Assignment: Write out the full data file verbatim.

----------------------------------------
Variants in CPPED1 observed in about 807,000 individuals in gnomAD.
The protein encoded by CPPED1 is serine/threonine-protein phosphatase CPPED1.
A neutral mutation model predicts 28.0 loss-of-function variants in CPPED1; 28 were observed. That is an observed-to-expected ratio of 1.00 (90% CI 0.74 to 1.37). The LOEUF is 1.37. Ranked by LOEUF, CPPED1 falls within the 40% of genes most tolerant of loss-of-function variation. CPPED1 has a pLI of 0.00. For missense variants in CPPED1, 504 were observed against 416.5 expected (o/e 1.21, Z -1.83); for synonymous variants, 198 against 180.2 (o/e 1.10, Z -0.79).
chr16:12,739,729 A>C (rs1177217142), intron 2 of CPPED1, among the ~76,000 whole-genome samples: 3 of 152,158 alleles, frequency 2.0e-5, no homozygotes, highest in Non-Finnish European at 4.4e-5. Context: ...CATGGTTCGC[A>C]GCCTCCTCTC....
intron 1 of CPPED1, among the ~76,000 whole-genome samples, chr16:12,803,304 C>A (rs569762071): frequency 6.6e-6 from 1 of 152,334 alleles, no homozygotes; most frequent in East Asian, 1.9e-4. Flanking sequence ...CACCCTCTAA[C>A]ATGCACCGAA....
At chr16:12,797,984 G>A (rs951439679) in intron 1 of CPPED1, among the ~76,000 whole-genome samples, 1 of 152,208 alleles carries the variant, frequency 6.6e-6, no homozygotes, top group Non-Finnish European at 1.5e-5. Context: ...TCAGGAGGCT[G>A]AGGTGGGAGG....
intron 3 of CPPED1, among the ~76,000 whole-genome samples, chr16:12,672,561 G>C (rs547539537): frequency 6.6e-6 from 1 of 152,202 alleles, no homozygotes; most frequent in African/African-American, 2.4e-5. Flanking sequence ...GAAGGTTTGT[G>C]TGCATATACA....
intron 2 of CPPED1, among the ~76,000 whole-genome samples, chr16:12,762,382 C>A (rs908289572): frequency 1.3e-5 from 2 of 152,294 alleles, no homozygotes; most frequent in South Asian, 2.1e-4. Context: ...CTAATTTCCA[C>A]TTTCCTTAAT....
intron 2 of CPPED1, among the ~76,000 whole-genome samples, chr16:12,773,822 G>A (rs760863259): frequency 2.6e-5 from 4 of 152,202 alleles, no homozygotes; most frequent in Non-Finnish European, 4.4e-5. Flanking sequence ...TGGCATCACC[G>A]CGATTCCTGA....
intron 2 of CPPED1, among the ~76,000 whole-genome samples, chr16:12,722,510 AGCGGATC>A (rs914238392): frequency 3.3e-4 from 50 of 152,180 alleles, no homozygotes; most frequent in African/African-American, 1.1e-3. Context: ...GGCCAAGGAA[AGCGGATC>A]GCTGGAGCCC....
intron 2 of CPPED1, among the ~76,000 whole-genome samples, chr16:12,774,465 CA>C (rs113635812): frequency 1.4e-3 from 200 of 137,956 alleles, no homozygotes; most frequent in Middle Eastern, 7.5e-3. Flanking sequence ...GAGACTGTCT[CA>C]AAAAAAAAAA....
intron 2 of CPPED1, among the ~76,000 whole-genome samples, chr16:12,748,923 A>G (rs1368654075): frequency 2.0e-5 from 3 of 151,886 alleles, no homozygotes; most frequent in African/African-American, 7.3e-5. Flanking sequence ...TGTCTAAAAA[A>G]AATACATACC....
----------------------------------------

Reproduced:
Variants in CPPED1 observed in about 807,000 individuals in gnomAD.
The protein encoded by CPPED1 is serine/threonine-protein phosphatase CPPED1.
A neutral mutation model predicts 28.0 loss-of-function variants in CPPED1; 28 were observed. That is an observed-to-expected ratio of 1.00 (90% CI 0.74 to 1.37). The LOEUF is 1.37. Ranked by LOEUF, CPPED1 falls within the 40% of genes most tolerant of loss-of-function variation. CPPED1 has a pLI of 0.00. For missense variants in CPPED1, 504 were observed against 416.5 expected (o/e 1.21, Z -1.83); for synonymous variants, 198 against 180.2 (o/e 1.10, Z -0.79).
chr16:12,739,729 A>C (rs1177217142), intron 2 of CPPED1, among the ~76,000 whole-genome samples: 3 of 152,158 alleles, frequency 2.0e-5, no homozygotes, highest in Non-Finnish European at 4.4e-5. Context: ...CATGGTTCGC[A>C]GCCTCCTCTC....
intron 1 of CPPED1, among the ~76,000 whole-genome samples, chr16:12,803,304 C>A (rs569762071): frequency 6.6e-6 from 1 of 152,334 alleles, no homozygotes; most frequent in East Asian, 1.9e-4. Flanking sequence ...CACCCTCTAA[C>A]ATGCACCGAA....
At chr16:12,797,984 G>A (rs951439679) in intron 1 of CPPED1, among the ~76,000 whole-genome samples, 1 of 152,208 alleles carries the variant, frequency 6.6e-6, no homozygotes, top group Non-Finnish European at 1.5e-5. Context: ...TCAGGAGGCT[G>A]AGGTGGGAGG....
intron 3 of CPPED1, among the ~76,000 whole-genome samples, chr16:12,672,561 G>C (rs547539537): frequency 6.6e-6 from 1 of 152,202 alleles, no homozygotes; most frequent in African/African-American, 2.4e-5. Flanking sequence ...GAAGGTTTGT[G>C]TGCATATACA....
intron 2 of CPPED1, among the ~76,000 whole-genome samples, chr16:12,762,382 C>A (rs908289572): frequency 1.3e-5 from 2 of 152,294 alleles, no homozygotes; most frequent in South Asian, 2.1e-4. Context: ...CTAATTTCCA[C>A]TTTCCTTAAT....
intron 2 of CPPED1, among the ~76,000 whole-genome samples, chr16:12,773,822 G>A (rs760863259): frequency 2.6e-5 from 4 of 152,202 alleles, no homozygotes; most frequent in Non-Finnish European, 4.4e-5. Flanking sequence ...TGGCATCACC[G>A]CGATTCCTGA....
intron 2 of CPPED1, among the ~76,000 whole-genome samples, chr16:12,722,510 AGCGGATC>A (rs914238392): frequency 3.3e-4 from 50 of 152,180 alleles, no homozygotes; most frequent in African/African-American, 1.1e-3. Context: ...GGCCAAGGAA[AGCGGATC>A]GCTGGAGCCC....
intron 2 of CPPED1, among the ~76,000 whole-genome samples, chr16:12,774,465 CA>C (rs113635812): frequency 1.4e-3 from 200 of 137,956 alleles, no homozygotes; most frequent in Middle Eastern, 7.5e-3. Flanking sequence ...GAGACTGTCT[CA>C]AAAAAAAAAA....
intron 2 of CPPED1, among the ~76,000 whole-genome samples, chr16:12,748,923 A>G (rs1368654075): frequency 2.0e-5 from 3 of 151,886 alleles, no homozygotes; most frequent in African/African-American, 7.3e-5. Flanking sequence ...TGTCTAAAAA[A>G]AATACATACC....